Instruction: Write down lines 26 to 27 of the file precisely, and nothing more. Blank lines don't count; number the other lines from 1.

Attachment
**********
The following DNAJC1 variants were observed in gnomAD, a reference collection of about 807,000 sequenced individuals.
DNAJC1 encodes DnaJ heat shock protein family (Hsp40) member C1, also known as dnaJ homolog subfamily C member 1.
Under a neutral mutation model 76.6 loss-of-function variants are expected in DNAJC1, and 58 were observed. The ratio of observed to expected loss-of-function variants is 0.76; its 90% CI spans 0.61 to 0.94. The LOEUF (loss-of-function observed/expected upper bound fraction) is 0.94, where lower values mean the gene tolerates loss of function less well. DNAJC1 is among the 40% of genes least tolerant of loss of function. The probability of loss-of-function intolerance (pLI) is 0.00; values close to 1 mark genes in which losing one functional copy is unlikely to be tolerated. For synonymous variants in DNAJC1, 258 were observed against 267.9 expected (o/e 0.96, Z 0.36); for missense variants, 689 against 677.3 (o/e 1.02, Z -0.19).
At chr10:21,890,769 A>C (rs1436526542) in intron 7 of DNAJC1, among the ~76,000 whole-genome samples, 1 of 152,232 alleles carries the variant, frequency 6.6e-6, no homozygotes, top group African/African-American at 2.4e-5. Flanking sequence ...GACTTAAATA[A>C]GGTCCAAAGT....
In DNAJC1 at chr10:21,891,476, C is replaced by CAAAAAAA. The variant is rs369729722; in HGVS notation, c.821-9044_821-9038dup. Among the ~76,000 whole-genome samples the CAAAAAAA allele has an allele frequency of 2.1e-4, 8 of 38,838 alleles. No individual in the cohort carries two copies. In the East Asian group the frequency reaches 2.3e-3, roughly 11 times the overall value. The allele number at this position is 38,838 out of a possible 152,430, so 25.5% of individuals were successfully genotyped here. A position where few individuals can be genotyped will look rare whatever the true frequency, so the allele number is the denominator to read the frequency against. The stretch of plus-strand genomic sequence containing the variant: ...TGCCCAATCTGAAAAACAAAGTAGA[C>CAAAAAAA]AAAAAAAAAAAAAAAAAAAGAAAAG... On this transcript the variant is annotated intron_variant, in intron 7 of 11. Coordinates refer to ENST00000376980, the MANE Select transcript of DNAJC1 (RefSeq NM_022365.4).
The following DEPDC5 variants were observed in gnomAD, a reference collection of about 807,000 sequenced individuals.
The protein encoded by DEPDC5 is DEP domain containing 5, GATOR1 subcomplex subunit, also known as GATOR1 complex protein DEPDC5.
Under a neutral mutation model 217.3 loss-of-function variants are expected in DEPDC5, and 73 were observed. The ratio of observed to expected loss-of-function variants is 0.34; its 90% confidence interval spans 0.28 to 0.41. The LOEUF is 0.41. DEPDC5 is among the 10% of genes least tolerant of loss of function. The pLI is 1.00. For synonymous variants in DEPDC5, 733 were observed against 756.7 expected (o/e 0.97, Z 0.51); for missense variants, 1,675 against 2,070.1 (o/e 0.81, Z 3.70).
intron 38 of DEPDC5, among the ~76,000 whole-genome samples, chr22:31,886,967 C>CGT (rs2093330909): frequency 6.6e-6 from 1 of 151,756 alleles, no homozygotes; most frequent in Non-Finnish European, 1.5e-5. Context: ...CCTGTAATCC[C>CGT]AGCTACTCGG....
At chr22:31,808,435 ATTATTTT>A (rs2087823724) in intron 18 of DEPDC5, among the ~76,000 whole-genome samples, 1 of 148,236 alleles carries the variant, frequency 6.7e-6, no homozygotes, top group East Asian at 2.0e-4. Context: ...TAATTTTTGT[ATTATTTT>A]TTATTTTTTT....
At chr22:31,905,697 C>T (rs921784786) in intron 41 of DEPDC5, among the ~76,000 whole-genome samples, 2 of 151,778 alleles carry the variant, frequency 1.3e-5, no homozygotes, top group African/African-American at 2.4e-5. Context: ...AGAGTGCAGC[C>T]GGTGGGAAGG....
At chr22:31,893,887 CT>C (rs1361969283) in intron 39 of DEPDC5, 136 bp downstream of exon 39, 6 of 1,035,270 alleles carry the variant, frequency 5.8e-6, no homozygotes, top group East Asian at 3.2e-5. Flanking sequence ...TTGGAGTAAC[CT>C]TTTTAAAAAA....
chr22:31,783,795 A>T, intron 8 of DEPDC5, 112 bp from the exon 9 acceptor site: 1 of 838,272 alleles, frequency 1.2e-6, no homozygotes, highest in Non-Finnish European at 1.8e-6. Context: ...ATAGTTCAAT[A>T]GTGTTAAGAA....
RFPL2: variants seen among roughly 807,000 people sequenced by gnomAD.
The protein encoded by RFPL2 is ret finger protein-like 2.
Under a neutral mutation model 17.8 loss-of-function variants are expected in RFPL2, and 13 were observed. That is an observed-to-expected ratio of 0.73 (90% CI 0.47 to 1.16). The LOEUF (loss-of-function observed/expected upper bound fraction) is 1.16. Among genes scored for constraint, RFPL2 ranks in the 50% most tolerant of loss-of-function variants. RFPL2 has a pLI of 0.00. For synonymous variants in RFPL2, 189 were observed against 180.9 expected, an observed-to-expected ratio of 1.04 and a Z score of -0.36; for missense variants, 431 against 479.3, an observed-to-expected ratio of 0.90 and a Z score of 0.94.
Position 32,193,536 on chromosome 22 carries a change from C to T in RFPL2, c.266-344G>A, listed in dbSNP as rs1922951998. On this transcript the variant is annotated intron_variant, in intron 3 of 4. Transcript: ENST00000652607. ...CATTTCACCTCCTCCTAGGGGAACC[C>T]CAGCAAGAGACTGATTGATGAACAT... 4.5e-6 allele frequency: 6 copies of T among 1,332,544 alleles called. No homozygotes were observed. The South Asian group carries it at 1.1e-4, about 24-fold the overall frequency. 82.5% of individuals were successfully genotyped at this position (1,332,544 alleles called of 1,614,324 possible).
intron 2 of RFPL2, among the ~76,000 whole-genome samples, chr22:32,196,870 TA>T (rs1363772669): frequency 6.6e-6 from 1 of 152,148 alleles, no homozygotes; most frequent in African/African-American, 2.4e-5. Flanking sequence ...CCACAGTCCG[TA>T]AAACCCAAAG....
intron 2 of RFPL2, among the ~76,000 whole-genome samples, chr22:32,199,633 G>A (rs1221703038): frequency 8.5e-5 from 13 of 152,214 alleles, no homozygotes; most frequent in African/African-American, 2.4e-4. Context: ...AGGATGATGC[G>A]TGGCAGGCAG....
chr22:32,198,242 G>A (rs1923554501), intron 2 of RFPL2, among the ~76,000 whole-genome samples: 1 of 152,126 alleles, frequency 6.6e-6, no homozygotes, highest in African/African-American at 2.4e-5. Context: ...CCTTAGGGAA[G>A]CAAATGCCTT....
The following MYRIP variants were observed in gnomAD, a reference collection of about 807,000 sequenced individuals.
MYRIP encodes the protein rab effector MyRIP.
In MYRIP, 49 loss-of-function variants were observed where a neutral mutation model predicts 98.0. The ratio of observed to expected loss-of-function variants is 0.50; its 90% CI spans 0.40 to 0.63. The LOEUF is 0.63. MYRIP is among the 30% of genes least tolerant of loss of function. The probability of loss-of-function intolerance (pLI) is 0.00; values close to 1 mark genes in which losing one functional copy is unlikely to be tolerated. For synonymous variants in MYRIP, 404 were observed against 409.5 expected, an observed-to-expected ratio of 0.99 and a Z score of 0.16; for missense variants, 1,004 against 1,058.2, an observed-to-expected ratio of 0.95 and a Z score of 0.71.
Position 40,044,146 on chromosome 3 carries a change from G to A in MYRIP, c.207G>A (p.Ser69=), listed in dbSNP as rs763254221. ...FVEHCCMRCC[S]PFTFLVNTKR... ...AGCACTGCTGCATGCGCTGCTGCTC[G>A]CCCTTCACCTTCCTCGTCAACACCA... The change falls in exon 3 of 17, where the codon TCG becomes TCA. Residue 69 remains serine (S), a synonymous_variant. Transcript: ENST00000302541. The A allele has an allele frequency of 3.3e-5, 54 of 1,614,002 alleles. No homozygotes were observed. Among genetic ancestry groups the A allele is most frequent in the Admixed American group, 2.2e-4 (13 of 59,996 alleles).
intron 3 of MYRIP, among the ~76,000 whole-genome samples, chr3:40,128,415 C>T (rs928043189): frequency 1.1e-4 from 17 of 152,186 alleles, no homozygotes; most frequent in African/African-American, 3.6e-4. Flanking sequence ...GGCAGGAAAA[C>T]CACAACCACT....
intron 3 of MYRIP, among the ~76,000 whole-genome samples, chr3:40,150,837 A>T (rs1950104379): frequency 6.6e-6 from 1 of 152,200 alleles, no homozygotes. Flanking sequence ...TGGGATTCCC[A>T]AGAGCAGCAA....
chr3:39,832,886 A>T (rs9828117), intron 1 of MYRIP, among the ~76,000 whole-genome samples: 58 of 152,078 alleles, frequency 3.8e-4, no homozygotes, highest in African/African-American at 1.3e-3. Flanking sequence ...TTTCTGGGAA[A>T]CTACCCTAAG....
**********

intron 3 of MYRIP, among the ~76,000 whole-genome samples, chr3:40,150,837 A>T (rs1950104379): frequency 6.6e-6 from 1 of 152,200 alleles, no homozygotes. Flanking sequence ...TGGGATTCCC[A>T]AGAGCAGCAA....
chr3:39,832,886 A>T (rs9828117), intron 1 of MYRIP, among the ~76,000 whole-genome samples: 58 of 152,078 alleles, frequency 3.8e-4, no homozygotes, highest in African/African-American at 1.3e-3. Flanking sequence ...TTTCTGGGAA[A>T]CTACCCTAAG....